his talent to tell stories and write books. He is not the traditional author as he writes his books in poetry format with a focus on storylines and societal issues.

After publishing 11 books (so far), his goals and plans are to continue writing books on taboo subjects that aren’t discussed enough in today’s world and bringing those main subjects to the forefront. Jamell’s blogs tackle societal issues, how he writes his books, his journey as an author and some motivational blogs that will get you to focus on your goals. His goal and moniker is, “to change the world, one book at a time.”

Website Address: www.aquarianmind.info

Blog Address: www.aquarianmind.info

Twitter Address: www.twitter.com/aquarianmind1

Facebook Address: www.facebook.com/aquarianpoet1


Monday, October 15, 2018

Interview with Mildred Abbott, Author of the Cozy Corgi Series

Reading the Cozy Corgi series is pretty much all you need to know about Mildred. In real life, she’s obsessed with everything she writes about: Corgis, Books, Cozy Mountain Towns, and Baked Goods. She’s not obsessed with murder, however. At least not at her own hands (nor paid for… no contract killing here). But since childhood, starting with Nancy Drew, trying to figure out who-dun-it has played a formative role in her personality. Having Fred and Watson stroll into her mind was a touch of kismet.

Website Address: http://www.mildredabbott.com

Did you like mysteries growing up?

I struggled to learn to read, honestly. Reading didn’t connect with me until I was around ten years old. My mother FORCED me to read Mr. Popper’s Penguins and The Secret Garden. Something clicked I never looked back. My favorites after that were Nancy Drew, Hardy Boys, Agatha Christie, CS Lewis, and then a little latter (high school) I got into the Mandie Mystery Books and anything by Bodie Thoene.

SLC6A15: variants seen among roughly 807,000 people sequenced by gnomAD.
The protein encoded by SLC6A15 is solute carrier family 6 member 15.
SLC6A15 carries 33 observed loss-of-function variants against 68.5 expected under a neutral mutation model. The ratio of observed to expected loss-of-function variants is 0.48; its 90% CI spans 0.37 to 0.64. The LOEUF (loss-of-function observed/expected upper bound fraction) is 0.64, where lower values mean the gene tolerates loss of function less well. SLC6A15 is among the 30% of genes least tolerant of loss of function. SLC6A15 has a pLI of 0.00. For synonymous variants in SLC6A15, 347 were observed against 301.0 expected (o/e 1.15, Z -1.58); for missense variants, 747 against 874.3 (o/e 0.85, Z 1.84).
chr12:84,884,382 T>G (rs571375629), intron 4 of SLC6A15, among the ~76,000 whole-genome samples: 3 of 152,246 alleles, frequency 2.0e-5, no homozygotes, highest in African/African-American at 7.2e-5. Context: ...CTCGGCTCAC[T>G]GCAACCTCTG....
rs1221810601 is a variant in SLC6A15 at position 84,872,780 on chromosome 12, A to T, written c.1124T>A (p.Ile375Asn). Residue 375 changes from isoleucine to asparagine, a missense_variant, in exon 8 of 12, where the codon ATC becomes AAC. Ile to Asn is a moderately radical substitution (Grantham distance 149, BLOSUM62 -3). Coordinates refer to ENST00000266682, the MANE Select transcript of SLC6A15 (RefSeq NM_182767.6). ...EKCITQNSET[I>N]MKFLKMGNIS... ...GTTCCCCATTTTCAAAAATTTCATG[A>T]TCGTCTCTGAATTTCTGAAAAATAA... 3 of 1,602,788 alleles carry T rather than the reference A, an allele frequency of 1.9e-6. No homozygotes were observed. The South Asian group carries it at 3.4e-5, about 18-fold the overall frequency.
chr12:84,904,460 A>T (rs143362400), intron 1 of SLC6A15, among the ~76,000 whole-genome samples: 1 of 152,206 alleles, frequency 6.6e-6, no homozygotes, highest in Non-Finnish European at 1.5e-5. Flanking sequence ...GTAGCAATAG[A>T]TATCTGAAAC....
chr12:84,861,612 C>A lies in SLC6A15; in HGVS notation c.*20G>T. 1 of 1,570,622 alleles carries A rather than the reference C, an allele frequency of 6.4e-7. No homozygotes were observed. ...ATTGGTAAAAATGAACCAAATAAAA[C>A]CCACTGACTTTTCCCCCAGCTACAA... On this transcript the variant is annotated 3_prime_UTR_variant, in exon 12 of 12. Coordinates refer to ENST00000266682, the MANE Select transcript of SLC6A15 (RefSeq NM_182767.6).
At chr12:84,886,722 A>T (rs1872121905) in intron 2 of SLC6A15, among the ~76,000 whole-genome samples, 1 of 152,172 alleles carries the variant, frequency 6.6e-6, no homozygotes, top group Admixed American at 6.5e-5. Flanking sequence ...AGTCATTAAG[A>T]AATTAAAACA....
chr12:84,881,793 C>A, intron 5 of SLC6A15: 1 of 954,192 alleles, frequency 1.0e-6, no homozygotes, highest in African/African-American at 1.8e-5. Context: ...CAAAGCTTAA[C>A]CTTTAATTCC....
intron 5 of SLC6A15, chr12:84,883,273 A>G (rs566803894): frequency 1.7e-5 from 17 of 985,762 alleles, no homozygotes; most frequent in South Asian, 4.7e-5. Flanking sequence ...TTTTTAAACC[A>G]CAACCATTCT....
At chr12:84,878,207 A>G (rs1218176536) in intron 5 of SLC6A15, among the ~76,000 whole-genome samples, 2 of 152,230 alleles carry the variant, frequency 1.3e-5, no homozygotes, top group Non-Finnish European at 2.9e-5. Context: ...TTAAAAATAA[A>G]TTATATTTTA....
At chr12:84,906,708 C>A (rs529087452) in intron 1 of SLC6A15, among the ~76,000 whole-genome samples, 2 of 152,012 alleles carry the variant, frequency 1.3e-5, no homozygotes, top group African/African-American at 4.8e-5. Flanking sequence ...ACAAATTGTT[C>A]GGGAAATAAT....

What is the first story in that genre you wrote, whether it is published or unpublished?

Though I’ve written in other genres, under other pen names for several years, Cruel Candy is my first in the cozy genre.

What is your favorite part of writing in this genre?

The ease of it. The focus on beauty. Maybe that sounds strange in a genre where there has to be at least one murder in each book, but it’s true. I love innocence of it all. While I enjoy a good murder mystery set in the real world, like JD Robb’s In Death series, I go to cozies for comfort. I love that there is minimal blood, that a cozy should be in depth enough in terms of mystery and character development to keep an adult entertained, but that no parent would have to worry should their child pick it up and start to read. To me, a cozy is about kindness, beauty, cleverness, humor, and family—both biological and the family of ones own choosing. It’s an honor and privilege to get to write in this genre. It lightens my soul and simply makes me happy. I hope the Cozy Corgi books do that very same thing to the reader.